This autumn marks the 30th anniversary of the fall of Communism in Central Europe, when in a matter of weeks, those in charge of the one party state were hounded out of power in East Germany and Czechoslovakia, overthrown by an internal coup in Bulgaria, shoved against a wall and shot in Romania, and sent packing after round table negotiations with opposition groups in Poland and Hungary.
I was living in Budapest in the late 1980s, which was considered by citizens of East Germany, Poland, and other Warsaw Pact countries to be as glamorous as western Europe. Unlike the colorless capitals of East Berlin and Warsaw, here was a city on the Danube with huge neon signs winking along grand if soot-covered boulevards, gypsy bands that played in smoky beer cellars, and where in Habsburg-era coffee houses, dessert trolleys piled high with creamed cakes rattled past dazzled, polyester-suited East European tourists. There was even a glitzy pedestrian shopping street crowned with an Adidas shop, where a queue stood before it from morning till night.
Looks were deceiving, though, as Hungary’s economy was a genuine basket case, and although reforms had been tried since 1968, they had only tinkered with the edges of state ownership and weren’t really addressing problems of outdated industries, decayed infrastructure, and a workforce that didn’t seem particularly keen on working, even while hundreds of thousands of Hungarians registered for two or three jobs. “We pretend to work,” the expression went, “and they pretend to pay us.”
By the time I moved to Budapest in March of 1988, western companies were being invited to Hungary to look over state industries, and before long, General Electric bought the largest light bulb manufacturer in Communist Europe while West German and Austrian firms began moving in as well. McDonalds also opened its first restaurant in the Warsaw Pact, and before you scoff, think of this: Every employee was told to smile at customers and to be friendly to them. This was an idea so foreign to most East Europeans it was like telling your cat to fetch your newspaper.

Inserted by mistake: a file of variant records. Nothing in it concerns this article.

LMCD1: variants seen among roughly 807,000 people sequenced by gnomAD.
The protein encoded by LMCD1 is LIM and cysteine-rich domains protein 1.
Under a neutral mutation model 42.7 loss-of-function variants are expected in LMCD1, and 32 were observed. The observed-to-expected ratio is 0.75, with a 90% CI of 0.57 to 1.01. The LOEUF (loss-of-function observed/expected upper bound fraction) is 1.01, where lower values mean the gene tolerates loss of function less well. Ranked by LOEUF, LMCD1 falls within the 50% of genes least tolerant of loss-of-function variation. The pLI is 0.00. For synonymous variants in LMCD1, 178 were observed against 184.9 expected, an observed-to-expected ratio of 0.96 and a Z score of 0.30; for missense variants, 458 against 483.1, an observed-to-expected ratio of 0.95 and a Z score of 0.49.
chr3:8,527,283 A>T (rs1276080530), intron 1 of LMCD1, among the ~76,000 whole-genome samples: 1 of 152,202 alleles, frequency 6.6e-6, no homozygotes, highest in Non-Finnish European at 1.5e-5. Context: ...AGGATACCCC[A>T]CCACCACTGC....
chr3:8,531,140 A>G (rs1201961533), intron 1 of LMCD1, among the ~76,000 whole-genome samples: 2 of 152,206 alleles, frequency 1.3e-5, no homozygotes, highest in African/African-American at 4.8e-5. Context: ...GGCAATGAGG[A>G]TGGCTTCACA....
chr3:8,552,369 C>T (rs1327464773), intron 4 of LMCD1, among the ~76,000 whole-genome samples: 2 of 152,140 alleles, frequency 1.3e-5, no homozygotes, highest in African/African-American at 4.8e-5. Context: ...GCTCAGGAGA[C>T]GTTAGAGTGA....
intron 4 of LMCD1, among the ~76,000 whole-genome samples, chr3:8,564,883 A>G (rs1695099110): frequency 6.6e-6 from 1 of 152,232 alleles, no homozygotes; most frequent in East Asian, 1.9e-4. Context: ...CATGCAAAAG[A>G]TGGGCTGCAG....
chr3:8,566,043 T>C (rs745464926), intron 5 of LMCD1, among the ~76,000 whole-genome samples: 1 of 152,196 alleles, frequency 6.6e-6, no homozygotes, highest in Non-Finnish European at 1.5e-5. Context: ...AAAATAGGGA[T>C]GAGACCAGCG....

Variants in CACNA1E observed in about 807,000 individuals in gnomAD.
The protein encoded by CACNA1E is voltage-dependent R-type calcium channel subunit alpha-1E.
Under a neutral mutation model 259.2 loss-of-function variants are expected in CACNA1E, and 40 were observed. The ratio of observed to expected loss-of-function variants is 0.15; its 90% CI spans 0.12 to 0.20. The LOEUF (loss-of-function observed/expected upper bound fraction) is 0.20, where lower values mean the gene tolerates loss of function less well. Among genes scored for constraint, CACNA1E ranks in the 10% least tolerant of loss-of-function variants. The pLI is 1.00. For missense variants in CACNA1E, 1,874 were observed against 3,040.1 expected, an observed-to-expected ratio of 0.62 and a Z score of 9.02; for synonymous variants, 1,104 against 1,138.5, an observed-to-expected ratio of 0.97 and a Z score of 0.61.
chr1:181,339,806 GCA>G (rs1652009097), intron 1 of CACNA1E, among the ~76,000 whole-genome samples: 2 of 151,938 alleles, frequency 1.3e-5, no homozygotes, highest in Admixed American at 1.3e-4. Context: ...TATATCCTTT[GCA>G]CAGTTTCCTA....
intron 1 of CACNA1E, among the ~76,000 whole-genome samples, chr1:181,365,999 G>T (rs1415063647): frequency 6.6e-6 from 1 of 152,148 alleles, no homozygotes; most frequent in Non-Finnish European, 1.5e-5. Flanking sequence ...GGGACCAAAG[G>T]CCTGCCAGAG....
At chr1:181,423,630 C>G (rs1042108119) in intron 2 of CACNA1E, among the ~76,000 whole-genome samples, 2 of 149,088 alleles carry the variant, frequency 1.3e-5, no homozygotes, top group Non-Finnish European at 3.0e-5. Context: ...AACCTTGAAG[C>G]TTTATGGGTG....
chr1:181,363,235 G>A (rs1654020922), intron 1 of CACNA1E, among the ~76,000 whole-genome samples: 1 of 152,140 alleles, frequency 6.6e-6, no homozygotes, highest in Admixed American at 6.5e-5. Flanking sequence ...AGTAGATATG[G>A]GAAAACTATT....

I was covering the McDonald’s opening for The Atlanta Journal-Constitution in May of 1988, and some 300 people were waiting outside. When the first customer loaded up a tray for him and his beaming son, everyone behind the counter burst into spontaneous applause. I was wondering if a manager was going to rush out and say, well I didn’t mean that friendly.
In January of 1989, playwright Istvan Eorsi took David Lewis, the Reuters bureau chief, and me to the city’s central cemetery, as there was something he wanted to show us. We walked through one well-tended section after another until we came to an overgrown potters’ field, known as Plot 301. Three policemen were sitting in a Volga sedan taking pictures of us while I took pictures of them.